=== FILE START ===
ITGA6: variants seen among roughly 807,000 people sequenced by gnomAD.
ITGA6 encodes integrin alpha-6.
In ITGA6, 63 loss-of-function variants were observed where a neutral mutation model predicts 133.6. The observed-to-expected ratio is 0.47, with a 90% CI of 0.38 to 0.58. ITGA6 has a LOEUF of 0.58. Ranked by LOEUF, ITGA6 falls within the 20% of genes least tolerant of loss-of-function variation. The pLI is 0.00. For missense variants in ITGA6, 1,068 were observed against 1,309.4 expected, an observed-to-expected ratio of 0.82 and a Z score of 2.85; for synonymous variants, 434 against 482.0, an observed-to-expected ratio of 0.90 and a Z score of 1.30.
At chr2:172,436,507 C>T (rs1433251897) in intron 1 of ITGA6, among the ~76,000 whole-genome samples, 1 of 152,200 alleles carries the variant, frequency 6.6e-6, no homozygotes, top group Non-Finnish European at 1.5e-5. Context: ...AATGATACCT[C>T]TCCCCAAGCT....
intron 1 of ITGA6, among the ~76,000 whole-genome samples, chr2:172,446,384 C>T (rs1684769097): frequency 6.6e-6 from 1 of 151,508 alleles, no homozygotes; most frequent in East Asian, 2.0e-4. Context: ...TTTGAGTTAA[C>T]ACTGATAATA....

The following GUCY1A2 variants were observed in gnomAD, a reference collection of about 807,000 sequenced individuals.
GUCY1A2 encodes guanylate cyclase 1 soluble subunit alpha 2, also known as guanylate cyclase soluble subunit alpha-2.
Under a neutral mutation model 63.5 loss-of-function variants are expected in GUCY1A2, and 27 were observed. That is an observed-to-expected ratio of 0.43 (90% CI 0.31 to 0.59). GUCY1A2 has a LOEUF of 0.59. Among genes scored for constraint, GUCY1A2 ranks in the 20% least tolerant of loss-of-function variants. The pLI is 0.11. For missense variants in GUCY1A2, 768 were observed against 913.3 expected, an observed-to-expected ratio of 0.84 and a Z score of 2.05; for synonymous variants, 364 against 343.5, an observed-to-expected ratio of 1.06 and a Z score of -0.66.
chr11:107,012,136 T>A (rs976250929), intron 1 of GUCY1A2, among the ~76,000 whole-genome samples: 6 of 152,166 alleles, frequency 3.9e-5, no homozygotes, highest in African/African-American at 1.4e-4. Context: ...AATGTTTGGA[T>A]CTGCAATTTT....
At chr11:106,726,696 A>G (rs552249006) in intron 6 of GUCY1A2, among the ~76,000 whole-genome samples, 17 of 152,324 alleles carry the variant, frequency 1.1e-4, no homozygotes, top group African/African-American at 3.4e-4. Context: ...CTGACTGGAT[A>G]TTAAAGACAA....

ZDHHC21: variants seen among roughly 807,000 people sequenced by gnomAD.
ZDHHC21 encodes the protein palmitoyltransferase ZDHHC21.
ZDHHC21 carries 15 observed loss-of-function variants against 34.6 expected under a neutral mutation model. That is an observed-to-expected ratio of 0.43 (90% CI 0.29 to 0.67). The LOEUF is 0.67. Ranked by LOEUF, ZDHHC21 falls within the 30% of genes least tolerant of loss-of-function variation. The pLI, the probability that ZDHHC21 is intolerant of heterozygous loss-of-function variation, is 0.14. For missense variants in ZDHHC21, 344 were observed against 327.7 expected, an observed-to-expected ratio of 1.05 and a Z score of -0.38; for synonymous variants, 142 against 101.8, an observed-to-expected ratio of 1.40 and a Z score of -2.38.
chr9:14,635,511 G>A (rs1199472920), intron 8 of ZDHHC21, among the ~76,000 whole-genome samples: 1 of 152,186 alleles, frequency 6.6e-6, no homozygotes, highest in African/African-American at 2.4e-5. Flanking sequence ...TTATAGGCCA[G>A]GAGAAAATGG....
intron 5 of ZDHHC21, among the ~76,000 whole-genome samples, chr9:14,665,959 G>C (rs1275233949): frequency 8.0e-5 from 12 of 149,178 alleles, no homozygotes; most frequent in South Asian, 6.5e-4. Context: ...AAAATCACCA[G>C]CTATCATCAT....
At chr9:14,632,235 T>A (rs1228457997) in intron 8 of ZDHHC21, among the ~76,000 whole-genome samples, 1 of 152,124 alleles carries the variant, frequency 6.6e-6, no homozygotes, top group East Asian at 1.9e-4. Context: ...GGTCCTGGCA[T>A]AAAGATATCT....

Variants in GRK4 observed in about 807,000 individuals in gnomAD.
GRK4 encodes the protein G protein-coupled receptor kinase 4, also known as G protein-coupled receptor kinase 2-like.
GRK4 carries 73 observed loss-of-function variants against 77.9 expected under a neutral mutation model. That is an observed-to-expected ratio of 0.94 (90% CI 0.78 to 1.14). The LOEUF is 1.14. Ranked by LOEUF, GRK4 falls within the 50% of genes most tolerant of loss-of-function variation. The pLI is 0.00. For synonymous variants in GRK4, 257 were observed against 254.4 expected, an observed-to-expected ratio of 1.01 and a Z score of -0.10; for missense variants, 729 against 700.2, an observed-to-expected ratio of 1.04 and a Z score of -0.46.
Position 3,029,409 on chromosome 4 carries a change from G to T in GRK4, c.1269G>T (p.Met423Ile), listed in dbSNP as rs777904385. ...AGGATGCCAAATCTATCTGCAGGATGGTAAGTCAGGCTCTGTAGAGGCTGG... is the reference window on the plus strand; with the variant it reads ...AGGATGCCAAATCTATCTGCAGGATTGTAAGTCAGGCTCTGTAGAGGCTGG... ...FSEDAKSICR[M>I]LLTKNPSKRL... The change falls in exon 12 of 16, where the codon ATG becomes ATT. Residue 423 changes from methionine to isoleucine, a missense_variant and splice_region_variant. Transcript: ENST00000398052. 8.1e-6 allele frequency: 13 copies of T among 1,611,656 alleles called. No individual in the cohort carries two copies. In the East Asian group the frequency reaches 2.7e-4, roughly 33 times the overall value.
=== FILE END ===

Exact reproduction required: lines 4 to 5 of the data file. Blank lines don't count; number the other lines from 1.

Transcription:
At chr2:172,436,507 C>T (rs1433251897) in intron 1 of ITGA6, among the ~76,000 whole-genome samples, 1 of 152,200 alleles carries the variant, frequency 6.6e-6, no homozygotes, top group Non-Finnish European at 1.5e-5. Context: ...AATGATACCT[C>T]TCCCCAAGCT....
intron 1 of ITGA6, among the ~76,000 whole-genome samples, chr2:172,446,384 C>T (rs1684769097): frequency 6.6e-6 from 1 of 151,508 alleles, no homozygotes; most frequent in East Asian, 2.0e-4. Context: ...TTTGAGTTAA[C>T]ACTGATAATA....